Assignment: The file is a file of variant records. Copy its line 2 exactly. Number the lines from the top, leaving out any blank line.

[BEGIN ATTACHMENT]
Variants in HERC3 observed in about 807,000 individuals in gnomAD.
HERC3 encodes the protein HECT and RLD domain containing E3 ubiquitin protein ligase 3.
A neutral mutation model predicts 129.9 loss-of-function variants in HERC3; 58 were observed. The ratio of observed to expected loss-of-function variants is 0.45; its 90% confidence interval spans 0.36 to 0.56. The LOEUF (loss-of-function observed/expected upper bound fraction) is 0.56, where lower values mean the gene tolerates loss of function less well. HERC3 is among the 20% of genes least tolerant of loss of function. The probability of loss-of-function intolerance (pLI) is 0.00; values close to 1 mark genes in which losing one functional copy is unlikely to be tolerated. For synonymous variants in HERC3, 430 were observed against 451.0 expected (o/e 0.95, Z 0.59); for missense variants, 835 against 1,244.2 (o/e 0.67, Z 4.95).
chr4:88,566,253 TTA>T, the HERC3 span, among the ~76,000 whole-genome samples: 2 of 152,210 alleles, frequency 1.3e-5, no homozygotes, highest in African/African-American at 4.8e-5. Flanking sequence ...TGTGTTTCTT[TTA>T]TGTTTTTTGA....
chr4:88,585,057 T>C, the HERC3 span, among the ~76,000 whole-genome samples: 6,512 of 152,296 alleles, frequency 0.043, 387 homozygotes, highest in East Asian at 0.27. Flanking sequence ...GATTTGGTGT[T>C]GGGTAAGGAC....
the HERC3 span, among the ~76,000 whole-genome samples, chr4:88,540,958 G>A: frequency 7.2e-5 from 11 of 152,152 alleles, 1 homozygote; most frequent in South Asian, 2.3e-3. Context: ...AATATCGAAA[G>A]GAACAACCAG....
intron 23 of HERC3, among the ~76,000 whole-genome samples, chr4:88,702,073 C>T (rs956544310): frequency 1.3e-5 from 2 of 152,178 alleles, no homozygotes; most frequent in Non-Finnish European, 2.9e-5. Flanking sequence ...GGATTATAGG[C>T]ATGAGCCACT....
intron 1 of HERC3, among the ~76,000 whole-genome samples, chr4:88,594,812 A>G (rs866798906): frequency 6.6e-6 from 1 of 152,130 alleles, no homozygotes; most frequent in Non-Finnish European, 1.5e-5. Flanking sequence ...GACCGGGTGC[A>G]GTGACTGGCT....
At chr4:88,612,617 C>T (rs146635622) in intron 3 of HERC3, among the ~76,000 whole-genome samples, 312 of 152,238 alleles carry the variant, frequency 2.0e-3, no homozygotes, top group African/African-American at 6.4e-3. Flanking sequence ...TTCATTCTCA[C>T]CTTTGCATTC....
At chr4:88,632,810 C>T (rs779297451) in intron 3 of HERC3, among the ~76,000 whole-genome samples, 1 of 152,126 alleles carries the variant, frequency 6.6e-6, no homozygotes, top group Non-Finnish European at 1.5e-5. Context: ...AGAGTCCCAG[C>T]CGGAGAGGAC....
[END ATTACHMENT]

HERC3 encodes the protein HECT and RLD domain containing E3 ubiquitin protein ligase 3.